Business Ethics & A Moral Compass

September 21, 2015

 

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The notion of an “ethical business” isn’t an oxymoron. Two automotive companies make me wonder:

  • GM was just fined $900 million for the car ignition problem that killed over 100 people. People inside GM knew the truth and looked the other way. Right now, the Justice Department has no plans to issue criminal indictments. I heard someone on the news say, “The law really doesn’t address this issue.” It would seem product liability laws have kicked in but what about concealing the truth from management and customers? What about customers dying and not one word was uttered by GM until it was forced to face the music?
  • VW has been caught providing invalid documentation of diesel engine emissions on its automobiles. The software settings that confirmed the vehicles met emission requirements were changed for production vehicles meaning the vehicles did not meet emission requirements. VW is facing fines of up to $18 billion for this violation.

I was taught we should “do the right thing.” Both GM and VW have failed to “do the right thing.” In the case of GM, people have died. In the case of VW, our environment has been compromised.

Ethical choices in business depend on a proper moral compass. Leadership must set the compass and monitor compliance.

Thought for the week:

“If you see distraction externally, you end up creating an internally distracted state.” – Tim Ferriss
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What do you think? I welcome your comments!
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Dave Gardner, Gardner & Associates Consulting http://www.gardnerandassoc.com

© 2015 Gardner & Associates Consulting  All Rights Reserved

Note:  This posting is based on my weekly “Thank God It’s Monday” that helps you and your company thrive! To receive an email version of “Thank God It’s Monday” to start your week, please subscribe here.  I would very much appreciate your suggesting to others that they subscribe.

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Ignoring The Warning Signs

August 5, 2013

warning sign

Note: This posting is based on my weekly “Thank God It’s Monday” that helps you and your company thrive!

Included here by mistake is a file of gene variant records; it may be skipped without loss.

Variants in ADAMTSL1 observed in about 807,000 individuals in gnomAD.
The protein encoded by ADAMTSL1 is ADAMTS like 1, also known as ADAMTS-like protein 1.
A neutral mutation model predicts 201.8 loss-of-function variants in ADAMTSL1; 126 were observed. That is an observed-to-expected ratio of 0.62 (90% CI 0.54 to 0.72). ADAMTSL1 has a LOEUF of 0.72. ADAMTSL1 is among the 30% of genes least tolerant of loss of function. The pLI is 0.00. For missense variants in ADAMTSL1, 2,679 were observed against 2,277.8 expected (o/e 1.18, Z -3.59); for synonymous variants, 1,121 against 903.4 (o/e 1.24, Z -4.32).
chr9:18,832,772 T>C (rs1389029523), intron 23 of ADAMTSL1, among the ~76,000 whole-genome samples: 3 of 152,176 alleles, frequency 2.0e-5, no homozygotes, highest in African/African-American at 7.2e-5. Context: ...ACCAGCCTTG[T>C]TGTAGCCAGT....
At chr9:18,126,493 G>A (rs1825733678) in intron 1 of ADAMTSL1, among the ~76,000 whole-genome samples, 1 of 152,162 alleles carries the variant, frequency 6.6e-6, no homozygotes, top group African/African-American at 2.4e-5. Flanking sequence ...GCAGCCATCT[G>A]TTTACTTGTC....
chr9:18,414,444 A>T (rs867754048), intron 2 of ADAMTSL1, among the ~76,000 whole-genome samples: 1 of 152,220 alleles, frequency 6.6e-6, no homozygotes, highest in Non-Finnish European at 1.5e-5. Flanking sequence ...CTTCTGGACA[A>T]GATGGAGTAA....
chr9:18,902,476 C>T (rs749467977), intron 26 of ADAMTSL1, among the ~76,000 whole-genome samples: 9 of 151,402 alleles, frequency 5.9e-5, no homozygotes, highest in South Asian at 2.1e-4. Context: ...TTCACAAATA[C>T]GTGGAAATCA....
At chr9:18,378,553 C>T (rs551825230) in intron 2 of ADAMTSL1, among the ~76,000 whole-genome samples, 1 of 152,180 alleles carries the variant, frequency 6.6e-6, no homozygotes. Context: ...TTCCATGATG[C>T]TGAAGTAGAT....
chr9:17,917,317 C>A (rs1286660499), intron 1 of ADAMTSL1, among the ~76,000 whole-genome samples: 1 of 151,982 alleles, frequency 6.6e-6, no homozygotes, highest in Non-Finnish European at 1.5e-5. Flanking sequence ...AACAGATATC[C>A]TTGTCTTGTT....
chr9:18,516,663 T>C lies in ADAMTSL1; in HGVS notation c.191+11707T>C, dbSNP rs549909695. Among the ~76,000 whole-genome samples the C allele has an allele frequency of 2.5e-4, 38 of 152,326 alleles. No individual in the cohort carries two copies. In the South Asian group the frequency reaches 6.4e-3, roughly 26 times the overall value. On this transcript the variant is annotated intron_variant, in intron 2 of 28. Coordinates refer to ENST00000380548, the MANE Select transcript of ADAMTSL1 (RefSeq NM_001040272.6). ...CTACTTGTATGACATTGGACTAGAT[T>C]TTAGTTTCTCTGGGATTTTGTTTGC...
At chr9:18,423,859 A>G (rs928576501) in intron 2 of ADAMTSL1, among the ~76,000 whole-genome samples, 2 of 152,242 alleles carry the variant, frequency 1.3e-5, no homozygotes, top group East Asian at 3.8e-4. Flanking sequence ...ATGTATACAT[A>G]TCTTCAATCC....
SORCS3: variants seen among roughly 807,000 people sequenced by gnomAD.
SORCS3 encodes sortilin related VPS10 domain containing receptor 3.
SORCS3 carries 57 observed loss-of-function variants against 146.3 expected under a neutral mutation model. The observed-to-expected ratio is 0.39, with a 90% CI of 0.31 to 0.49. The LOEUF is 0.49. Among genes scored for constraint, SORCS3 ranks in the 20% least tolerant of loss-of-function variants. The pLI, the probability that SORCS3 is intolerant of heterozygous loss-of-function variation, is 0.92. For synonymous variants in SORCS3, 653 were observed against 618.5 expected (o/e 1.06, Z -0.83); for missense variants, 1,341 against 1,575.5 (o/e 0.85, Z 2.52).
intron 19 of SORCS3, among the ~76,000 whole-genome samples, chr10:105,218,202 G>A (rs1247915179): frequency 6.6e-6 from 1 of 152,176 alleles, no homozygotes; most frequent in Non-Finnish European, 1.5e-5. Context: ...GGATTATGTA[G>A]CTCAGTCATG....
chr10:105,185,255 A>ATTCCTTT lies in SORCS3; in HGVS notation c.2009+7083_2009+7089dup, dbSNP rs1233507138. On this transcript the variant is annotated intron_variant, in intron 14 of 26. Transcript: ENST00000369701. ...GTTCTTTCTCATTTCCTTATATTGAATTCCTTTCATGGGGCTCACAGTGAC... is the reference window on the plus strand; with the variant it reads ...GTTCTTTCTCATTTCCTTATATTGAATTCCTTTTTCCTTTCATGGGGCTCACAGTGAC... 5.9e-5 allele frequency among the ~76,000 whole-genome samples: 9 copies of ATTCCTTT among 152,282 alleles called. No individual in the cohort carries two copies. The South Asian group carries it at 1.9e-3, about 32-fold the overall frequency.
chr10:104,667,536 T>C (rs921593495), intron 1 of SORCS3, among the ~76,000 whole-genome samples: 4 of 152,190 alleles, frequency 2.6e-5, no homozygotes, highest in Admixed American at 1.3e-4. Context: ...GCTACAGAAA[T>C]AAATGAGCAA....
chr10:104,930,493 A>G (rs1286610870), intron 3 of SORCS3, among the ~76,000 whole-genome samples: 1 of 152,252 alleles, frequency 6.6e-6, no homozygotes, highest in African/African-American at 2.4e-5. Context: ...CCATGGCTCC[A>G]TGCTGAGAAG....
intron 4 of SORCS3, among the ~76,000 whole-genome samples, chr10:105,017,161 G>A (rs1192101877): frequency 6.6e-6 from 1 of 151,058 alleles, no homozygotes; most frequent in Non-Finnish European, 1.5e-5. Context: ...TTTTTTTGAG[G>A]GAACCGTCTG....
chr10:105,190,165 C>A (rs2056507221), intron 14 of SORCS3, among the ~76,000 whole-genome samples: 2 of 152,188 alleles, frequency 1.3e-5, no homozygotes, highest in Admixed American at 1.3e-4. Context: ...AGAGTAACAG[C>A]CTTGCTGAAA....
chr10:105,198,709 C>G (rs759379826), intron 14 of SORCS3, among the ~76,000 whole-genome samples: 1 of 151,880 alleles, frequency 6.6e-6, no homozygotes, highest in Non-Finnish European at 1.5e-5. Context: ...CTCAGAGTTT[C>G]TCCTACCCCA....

This week’s focus: ignoring the warning signs

  • Air France Flight 447 crashed off the coast of Brazil after it stalled (lost lift and forward speed) and dropped from an altitude of 30,000+ feet to the ocean’s surface. Audible stall warnings were ignored by the flight crew. They thought the alarms were in error. They weren’t.
  • Asiana Flight 214 crashed when the crew failed to realize that airspeed had dropped to levels that caused the plane to stall resulting in the plane’s tail colliding with the seawall on approach. Two critical things to monitor for landing are altitude and airspeed. When both values are too low, the ability to make corrections vanish.
  • The recent Spanish train crash that killed 80 people occurred after the train’s engineer received 3 warnings that he was going too fast in the 2 minutes prior prior to the train derailing. He was traveling more than twice the speed limit. The train’s engineer was distracted talking on the phone.

“Set it and forget it” doesn’t work at critical points in a process. Industry experts describe the inability of these crews to respond appropriately as “automation complacency,” a situation where those in charge overly rely on instruments and computer controls to do things automatically so the person at the controls doesn’t have to worry about it or attend to it.

All this makes me wonder about business owners being on auto-pilot and not sensing trouble ahead. It’s easy to assume that procedures and controls are operating normally and, as a consequence, little is done to confirm that things are as they are supposed to be–until it is often too late.

As Ronald Reagan said, “Trust, but verify.” This axiom will help you and your company thrive.

Thought for the week:

 “Failure doesn’t matter. You only have to be right once.” — Dropbox CEO Drew Houston
Recent Blog Posts That May Interest You:
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What do you think? I welcome your comments!
___

Dave Gardner, Gardner & Associates Consulting http://www.gardnerandassoc.com

© 2013 Gardner & Associates Consulting  All Rights Reserved

Note:  To receive an email version of “Thank God It’s Monday” to start your week, please subscribe here.  I would very much appreciate your suggesting to others that they subscribe.

Privacy Statement:  Our subscriber lists are never rented, sold, or loaned to any other parties for any reason.


AT&T U-verse Deceptive Selling Practices

July 22, 2013

Note: This posting is based on my weekly “Thank God It’s Monday” that helps you and your company thrive!

This week’s focus: deceptive selling practices

Nothing irritates me more than deceptive selling practices, especially deceptions you learn about after a deal is struck and the transaction is complete.

My father needed to upgrade his home Internet service as what he had didn’t offer sufficient bandwidth to allow him to look at videos. We went to the AT&T store and were offered an AT&T U-verse package that would bundle his home phone and Internet–increase his bandwidth by a factor of 4– for $40 a month, down from the $74 a month he had been paying for years. There would be an installation cost of $199: $100 for the new Internet hub and $99 for installation. My father wanted this.